It’s best to treat a possible infestation of bed bugs while it’s still small. That said, bed bugs can be extremely difficult to control on your own, so it’s best to bring in an expert to identify the source of your problem and start a treatment regimen. There are a few things you can do on your own before calling in the professionals:

  • Clean bedding, linens, curtains and clothing in hot water and dry them on the highest heat setting on the dryer to kill both mature bed bugs and eggs.
  • Treat stuffed animals, shoes and anything else that can’t be washed should be run in the dryer for 30 minutes on high heat.
  • Scrub the mattress, box spring, couch cushions and other areas with seams with a stiff wire brush to remove the bed bugs and their eggs.
  • Vacuum the bed and surrounding areas frequently.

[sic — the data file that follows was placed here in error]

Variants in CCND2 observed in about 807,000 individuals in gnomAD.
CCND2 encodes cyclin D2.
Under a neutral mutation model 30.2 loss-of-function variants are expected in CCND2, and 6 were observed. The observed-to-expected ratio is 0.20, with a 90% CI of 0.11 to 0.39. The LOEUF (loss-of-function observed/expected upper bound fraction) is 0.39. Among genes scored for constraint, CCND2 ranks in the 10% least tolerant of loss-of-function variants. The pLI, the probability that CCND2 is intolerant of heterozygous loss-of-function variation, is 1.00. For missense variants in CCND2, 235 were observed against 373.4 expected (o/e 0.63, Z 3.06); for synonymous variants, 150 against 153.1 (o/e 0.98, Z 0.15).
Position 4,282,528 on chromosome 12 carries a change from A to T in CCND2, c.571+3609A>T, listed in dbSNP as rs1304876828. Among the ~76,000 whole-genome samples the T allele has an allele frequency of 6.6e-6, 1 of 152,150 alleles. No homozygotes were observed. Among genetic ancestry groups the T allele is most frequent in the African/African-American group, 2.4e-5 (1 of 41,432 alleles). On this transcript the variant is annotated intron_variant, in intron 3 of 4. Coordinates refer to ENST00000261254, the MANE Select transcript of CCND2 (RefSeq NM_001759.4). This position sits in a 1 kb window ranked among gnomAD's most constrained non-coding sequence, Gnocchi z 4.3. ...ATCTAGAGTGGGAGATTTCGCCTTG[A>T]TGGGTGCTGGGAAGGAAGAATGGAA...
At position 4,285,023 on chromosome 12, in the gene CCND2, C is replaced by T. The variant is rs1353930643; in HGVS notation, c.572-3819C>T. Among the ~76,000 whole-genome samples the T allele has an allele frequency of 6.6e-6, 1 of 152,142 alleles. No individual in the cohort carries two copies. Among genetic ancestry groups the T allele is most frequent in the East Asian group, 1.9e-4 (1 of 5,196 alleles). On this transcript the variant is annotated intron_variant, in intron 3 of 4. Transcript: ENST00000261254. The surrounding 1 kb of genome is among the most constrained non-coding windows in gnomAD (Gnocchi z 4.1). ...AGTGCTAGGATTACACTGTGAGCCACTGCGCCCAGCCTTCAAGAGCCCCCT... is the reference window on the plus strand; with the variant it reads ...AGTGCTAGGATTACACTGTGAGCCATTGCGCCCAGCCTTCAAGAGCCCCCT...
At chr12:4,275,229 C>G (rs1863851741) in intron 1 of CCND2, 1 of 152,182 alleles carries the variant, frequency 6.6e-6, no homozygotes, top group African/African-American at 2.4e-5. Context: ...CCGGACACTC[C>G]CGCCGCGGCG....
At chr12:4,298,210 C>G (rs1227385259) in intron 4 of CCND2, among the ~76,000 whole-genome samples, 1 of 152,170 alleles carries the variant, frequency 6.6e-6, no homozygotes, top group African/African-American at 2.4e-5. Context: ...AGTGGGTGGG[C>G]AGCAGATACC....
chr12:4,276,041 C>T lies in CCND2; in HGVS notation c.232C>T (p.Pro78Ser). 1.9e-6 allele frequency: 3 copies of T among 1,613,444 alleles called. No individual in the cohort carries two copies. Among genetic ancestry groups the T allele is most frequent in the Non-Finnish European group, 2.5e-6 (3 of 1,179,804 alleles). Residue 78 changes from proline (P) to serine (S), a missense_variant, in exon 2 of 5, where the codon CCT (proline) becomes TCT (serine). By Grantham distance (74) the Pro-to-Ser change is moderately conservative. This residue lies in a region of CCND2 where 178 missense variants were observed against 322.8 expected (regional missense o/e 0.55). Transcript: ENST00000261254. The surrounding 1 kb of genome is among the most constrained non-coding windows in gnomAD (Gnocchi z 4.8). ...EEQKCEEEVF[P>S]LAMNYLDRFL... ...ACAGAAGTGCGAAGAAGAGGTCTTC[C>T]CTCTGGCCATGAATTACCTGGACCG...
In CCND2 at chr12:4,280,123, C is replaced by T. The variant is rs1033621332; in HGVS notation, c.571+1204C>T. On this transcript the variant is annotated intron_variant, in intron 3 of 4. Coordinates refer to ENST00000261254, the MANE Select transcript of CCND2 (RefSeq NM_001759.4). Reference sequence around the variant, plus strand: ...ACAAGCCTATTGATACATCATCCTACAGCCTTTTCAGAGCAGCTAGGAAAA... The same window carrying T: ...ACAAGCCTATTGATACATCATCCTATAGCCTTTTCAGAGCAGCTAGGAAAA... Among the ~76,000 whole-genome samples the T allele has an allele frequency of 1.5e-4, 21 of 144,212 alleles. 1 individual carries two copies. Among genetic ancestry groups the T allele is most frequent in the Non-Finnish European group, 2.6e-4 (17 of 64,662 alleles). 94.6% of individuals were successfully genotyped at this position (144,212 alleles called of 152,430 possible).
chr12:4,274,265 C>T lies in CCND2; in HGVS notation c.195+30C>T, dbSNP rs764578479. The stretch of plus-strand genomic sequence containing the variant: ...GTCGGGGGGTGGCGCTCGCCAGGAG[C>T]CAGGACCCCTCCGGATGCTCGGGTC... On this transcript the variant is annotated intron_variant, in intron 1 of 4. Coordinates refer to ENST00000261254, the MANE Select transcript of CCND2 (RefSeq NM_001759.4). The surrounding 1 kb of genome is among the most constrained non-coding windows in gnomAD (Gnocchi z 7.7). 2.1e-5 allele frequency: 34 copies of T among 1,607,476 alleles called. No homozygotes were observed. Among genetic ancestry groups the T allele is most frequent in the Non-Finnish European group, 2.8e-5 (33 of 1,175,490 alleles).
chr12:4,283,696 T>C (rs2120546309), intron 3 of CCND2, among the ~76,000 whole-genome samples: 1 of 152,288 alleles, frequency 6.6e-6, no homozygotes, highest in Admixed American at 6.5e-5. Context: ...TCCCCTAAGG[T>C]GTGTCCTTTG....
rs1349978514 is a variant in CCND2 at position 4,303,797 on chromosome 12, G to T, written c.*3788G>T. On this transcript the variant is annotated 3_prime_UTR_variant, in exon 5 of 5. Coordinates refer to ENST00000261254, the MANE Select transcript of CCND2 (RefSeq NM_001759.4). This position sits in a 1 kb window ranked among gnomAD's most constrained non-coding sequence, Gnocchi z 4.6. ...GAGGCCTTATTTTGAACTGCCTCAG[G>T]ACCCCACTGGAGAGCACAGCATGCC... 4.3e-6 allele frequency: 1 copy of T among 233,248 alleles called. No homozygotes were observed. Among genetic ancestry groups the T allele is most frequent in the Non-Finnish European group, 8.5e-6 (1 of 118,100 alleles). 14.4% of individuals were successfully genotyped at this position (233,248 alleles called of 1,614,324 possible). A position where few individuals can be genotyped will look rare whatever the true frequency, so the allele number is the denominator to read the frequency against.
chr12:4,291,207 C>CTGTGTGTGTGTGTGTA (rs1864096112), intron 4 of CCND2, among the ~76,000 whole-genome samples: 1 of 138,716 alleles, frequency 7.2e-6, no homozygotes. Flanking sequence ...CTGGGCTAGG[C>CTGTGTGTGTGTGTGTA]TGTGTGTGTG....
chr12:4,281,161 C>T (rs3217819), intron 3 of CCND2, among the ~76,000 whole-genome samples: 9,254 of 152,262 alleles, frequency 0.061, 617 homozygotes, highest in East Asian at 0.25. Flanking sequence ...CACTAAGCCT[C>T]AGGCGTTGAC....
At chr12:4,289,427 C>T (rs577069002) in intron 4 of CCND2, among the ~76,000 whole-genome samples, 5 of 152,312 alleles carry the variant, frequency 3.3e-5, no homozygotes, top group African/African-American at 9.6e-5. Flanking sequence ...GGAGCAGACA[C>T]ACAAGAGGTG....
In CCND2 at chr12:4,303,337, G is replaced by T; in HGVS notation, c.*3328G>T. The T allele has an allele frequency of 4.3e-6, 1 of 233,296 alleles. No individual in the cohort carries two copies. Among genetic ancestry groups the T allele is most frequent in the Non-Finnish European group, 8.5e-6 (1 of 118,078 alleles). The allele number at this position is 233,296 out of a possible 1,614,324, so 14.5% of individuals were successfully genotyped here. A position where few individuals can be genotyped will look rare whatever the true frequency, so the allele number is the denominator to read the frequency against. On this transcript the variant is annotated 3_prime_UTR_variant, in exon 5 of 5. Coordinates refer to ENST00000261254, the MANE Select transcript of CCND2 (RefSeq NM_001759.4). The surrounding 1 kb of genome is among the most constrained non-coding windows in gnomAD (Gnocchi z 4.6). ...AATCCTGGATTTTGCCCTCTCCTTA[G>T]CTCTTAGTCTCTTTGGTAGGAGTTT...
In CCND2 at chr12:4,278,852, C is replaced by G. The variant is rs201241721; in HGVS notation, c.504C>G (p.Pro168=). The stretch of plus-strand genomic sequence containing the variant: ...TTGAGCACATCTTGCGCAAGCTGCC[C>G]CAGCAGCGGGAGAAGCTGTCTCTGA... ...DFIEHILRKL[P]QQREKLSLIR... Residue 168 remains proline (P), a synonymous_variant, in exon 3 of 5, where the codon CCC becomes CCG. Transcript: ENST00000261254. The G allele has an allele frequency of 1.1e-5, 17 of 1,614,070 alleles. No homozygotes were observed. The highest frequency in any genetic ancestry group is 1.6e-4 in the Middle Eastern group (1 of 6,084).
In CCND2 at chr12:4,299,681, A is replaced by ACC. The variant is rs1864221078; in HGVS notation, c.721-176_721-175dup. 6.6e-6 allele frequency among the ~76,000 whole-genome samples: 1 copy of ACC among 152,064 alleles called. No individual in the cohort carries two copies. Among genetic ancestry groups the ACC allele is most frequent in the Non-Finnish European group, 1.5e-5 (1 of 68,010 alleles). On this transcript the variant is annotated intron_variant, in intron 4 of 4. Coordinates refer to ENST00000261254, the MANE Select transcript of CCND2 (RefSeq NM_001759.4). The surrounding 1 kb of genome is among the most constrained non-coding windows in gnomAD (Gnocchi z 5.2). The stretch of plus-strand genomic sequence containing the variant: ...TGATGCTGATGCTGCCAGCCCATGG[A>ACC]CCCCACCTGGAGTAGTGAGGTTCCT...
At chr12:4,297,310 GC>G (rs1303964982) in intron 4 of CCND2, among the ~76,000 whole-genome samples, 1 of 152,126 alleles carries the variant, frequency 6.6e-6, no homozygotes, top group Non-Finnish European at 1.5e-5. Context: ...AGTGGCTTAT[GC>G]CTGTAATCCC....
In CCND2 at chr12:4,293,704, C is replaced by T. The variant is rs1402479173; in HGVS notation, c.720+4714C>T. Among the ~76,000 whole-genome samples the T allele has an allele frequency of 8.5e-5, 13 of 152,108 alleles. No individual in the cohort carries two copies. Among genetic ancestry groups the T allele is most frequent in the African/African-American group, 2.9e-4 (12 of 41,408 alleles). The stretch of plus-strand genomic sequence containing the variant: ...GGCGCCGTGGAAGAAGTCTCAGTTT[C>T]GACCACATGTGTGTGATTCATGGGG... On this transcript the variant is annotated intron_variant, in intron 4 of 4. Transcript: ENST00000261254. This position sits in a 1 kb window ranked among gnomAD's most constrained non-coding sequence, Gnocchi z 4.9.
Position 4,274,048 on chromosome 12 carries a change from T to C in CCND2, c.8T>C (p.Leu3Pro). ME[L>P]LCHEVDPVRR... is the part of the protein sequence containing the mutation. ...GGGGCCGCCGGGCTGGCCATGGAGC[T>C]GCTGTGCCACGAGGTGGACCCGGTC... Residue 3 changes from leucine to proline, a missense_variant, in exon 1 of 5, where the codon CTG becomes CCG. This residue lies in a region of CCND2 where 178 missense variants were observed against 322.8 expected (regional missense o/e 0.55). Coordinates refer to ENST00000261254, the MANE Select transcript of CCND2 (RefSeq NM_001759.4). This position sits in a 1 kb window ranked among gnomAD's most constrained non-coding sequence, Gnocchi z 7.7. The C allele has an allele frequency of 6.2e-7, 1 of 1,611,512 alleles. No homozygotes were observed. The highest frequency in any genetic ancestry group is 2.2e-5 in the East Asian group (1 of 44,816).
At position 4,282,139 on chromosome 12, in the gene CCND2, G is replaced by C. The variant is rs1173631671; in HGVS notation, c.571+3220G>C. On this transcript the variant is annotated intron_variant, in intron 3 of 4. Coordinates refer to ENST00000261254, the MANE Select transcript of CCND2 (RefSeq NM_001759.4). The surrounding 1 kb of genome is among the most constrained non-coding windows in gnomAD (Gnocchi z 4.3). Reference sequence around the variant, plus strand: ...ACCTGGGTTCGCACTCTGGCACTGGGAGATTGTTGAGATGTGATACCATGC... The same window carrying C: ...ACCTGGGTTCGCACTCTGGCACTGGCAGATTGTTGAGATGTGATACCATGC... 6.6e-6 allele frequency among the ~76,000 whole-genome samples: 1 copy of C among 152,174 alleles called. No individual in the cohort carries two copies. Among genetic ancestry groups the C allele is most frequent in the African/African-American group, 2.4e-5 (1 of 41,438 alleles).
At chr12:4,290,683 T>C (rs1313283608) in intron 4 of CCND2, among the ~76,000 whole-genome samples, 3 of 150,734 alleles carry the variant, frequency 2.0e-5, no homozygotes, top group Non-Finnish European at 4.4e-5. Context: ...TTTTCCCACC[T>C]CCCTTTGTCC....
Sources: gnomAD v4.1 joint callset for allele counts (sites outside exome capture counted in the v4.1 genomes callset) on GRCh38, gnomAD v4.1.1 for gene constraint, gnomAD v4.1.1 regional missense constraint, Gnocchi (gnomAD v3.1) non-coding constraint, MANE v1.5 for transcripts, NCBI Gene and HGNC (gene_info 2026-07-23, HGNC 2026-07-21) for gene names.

• Use hypoallergenic mattress and pillow covers.
  • Get rid of clutter around furniture.

Even after you have treated your home for a bed bug infestation, these little creatures can return if you aren’t careful. Avoid buying second-hand mattresses, couches or chairs and regularly inspect items you bring into your home after trips or from resale shops to prevent bed bugs from coming back.

ABC Can Banish Your Bed Bugs

Don’t panic if you suspect you have a bed bug problem; it’s not a sign you’re a poor housekeeper or you live in an unclean area. That said, bed bugs are often extremely difficult for homeowners to handle on their own. ABC can conduct a thorough inspection of your home to identify exactly what type of pest has made its way inside and outline the best course of action for treatment. With the help of ABC, you can enjoy a pest-free home.

Les Stobart

Les joined ABC in 2008 as the Director of Marketing, overseeing marketing, advertising, and communications for ABC’s branches. Les started the Lean Line, Online Chat departments, and manages corporate recruiting. He has a Bachelor of Science in Communications & Advertising from Lamart University. He has been part of the Texas Banking Association, a Financial Literacy Volunteer Teacher, ABC Kite Fest Board of Directors, a Town & Country Youth Soccer Coach, and a Neighborhood Sports flag football coach.